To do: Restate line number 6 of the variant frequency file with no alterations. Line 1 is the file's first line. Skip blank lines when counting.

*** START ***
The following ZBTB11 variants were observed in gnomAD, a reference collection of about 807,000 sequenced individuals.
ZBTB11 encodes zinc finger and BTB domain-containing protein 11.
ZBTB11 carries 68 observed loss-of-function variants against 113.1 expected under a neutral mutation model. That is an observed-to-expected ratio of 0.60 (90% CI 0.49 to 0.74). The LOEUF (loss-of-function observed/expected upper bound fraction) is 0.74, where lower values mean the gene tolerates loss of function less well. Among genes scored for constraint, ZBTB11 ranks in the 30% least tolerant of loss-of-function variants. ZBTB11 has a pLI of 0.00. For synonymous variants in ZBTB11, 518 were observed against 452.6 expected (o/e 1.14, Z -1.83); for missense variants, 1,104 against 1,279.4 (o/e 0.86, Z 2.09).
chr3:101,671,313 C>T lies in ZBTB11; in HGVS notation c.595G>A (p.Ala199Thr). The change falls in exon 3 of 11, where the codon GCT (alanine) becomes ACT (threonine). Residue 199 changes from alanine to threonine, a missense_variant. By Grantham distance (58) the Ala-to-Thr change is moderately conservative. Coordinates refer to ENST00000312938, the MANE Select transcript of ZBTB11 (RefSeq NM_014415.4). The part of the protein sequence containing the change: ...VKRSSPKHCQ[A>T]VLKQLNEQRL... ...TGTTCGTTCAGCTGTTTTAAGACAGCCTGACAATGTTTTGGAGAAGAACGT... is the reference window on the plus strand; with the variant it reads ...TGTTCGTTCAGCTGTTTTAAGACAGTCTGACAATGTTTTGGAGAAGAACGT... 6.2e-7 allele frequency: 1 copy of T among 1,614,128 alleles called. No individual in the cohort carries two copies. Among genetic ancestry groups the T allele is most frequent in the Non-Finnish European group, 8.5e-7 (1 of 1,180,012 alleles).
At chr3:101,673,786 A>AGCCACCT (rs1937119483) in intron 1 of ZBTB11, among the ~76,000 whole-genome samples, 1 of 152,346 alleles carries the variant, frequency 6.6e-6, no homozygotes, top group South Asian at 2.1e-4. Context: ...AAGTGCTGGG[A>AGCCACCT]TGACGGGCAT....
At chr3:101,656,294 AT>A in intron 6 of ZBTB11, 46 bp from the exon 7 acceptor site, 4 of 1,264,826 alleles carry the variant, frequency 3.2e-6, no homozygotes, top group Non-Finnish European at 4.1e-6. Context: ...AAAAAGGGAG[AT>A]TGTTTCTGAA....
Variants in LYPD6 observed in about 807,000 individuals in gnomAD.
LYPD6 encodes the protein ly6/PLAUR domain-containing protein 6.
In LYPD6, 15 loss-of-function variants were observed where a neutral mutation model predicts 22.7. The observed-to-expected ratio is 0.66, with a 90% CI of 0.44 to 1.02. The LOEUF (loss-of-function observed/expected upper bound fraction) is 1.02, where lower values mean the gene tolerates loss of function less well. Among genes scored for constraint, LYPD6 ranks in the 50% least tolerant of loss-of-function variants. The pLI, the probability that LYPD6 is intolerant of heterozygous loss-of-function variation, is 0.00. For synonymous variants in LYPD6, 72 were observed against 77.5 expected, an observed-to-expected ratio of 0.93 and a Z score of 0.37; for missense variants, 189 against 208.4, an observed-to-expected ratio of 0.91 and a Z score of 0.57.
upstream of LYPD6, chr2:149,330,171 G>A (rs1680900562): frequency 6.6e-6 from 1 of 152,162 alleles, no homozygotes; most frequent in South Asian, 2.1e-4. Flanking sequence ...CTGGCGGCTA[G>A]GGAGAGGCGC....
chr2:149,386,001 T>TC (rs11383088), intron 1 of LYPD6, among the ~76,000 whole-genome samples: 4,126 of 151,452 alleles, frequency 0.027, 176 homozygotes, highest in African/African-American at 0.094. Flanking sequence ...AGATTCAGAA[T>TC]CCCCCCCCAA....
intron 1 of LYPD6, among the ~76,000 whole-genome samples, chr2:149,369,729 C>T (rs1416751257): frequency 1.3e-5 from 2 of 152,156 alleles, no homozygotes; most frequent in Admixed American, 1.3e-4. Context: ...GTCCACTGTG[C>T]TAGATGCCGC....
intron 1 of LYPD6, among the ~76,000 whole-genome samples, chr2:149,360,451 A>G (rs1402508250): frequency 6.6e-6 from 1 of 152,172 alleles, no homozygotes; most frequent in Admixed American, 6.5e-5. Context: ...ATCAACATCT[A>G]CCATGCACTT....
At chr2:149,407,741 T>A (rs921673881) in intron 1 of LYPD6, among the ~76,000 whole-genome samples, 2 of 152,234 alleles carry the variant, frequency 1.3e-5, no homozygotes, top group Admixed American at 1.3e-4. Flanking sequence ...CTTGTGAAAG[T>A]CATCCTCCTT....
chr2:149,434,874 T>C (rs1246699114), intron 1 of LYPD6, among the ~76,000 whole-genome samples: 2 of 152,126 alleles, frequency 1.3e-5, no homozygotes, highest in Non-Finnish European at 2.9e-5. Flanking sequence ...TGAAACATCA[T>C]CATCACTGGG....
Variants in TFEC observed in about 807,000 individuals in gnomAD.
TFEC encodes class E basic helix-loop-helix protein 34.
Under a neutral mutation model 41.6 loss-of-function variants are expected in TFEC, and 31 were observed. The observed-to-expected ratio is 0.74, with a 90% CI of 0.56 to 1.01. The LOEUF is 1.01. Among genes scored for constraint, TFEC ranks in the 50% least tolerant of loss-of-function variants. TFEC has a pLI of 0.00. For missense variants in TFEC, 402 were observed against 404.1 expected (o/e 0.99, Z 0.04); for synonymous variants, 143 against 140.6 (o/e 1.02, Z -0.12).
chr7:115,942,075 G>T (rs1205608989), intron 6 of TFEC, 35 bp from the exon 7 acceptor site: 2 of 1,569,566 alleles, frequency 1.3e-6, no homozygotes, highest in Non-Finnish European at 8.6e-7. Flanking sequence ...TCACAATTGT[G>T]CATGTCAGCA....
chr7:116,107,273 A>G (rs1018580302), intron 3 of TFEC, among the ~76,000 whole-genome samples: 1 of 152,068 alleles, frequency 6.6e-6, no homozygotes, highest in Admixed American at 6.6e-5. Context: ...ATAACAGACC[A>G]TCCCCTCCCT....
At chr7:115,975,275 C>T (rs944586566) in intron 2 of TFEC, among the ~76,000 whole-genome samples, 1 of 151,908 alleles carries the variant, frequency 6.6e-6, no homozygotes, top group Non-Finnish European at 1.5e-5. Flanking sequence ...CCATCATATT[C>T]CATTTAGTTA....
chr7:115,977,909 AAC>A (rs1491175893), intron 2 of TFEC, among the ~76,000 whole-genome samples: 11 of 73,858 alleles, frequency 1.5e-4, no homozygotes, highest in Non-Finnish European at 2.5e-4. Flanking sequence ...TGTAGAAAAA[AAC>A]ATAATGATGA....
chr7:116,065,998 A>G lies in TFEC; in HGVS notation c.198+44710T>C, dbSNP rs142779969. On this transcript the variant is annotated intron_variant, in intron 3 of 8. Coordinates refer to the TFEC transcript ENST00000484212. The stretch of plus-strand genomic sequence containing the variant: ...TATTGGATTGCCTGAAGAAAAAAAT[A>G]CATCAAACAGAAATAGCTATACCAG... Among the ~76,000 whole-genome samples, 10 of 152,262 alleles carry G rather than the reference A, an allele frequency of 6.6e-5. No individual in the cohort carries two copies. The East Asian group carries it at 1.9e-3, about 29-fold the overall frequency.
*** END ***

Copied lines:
At chr3:101,656,294 AT>A in intron 6 of ZBTB11, 46 bp from the exon 7 acceptor site, 4 of 1,264,826 alleles carry the variant, frequency 3.2e-6, no homozygotes, top group Non-Finnish European at 4.1e-6. Context: ...AAAAAGGGAG[AT>A]TGTTTCTGAA....